Enforced disappearances of men in Kashmir are common – picked up on grounds of suspicion & never returned home – leaving behind 'half widows'.
The book 'Behold I Shine' explores the ways in which conflict has affected the lives of Kashmiri women and children.
For residents of Kashmir, the happenings here are so much a part of our daily routine that we fail to notice any incongruities. We adapt.
For over an year now, the meaning of sending and checking emails has changed for me. That's how life has been with no internet in Kashmir.
The deaths of Kashmiri women that are not victims of State violence, i.e., the 'apolitical deaths', receive hardly any attention.
This is the 29th internet ban in Kashmir since 2016. The internet is a threat to the State as it allows Kashmiris to expose its wall of lies.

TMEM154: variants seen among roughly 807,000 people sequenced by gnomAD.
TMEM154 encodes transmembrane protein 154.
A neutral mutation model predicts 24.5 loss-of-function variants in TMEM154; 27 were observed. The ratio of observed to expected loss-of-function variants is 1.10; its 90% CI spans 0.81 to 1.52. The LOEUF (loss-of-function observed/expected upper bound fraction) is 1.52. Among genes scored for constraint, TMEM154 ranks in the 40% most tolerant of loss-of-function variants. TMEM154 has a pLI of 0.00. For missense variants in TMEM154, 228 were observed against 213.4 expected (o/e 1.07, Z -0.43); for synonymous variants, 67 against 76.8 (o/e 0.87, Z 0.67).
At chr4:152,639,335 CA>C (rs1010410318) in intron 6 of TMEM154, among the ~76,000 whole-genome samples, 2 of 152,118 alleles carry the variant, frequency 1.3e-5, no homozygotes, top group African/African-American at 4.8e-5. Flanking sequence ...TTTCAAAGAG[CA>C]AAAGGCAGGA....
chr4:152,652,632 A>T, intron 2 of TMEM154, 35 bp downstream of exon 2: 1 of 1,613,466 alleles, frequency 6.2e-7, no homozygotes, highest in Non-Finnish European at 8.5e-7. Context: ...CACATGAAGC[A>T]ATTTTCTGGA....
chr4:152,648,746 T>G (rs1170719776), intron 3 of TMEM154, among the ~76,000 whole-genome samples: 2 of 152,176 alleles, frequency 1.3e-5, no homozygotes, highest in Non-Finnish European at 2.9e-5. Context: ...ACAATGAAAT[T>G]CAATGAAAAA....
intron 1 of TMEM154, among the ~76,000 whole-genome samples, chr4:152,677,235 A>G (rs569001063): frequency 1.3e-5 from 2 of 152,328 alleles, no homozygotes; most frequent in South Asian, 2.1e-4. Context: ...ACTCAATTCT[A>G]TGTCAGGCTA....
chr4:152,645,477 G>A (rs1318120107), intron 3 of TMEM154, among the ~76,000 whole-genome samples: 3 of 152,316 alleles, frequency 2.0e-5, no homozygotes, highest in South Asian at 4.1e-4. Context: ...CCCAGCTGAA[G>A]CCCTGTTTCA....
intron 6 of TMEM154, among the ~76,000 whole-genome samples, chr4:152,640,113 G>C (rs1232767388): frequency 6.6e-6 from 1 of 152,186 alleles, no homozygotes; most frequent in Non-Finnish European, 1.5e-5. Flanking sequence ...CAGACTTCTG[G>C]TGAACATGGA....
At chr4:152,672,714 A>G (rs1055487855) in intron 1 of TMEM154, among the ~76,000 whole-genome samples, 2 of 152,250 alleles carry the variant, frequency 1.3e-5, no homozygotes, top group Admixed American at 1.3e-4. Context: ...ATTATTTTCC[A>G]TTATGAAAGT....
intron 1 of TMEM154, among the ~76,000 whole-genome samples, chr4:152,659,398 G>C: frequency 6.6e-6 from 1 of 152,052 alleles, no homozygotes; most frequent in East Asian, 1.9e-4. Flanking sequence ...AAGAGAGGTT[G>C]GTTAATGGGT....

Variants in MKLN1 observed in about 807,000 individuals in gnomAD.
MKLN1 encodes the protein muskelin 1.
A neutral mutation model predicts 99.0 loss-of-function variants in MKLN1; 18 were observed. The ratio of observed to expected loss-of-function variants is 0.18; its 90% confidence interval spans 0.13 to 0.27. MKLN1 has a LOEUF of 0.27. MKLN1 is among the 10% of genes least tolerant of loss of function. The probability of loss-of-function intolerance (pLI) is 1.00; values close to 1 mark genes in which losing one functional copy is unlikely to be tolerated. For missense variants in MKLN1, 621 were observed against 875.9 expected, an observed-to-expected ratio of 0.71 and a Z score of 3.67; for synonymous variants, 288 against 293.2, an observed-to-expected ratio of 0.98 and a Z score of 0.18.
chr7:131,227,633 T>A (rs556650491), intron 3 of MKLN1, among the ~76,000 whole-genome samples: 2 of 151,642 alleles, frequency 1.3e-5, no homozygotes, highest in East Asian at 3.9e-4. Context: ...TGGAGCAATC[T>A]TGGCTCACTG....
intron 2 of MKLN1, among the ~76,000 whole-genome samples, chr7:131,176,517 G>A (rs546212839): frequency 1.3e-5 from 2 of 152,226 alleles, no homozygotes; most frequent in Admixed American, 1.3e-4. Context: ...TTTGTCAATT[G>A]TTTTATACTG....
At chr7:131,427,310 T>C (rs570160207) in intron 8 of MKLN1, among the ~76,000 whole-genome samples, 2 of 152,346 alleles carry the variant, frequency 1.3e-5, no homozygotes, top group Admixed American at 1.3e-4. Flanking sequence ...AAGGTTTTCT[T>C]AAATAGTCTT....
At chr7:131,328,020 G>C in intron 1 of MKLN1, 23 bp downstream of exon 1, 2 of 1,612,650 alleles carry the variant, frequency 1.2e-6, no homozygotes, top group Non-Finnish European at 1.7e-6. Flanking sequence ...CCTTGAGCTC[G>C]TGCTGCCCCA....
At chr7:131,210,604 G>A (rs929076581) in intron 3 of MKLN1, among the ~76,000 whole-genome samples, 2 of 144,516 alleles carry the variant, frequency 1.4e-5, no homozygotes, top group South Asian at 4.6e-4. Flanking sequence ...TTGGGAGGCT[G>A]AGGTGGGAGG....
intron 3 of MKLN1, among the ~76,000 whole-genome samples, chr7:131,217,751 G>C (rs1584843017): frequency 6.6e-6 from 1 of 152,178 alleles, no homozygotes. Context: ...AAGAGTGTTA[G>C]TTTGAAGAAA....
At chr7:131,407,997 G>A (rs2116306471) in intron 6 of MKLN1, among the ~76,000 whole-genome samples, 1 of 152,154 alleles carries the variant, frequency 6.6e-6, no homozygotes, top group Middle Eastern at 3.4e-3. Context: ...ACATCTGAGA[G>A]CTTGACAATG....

We, the undersigned, are dismayed over the ongoing crisis in Kashmir. We have watched in horror and shock the repetitive cycle of state aggression leading to violence, deteriorating state of civil liberties, violation of fundamental rights and ever escalating loss of human life and dignity in Kashmir.
For the past eleven days Kashmir has been under intensified siege, I say intensified because Kashmir is always under siege, by the occupational Indian armed forces.
Handwara killings remind us once again that situation in Kashmir has never been normal.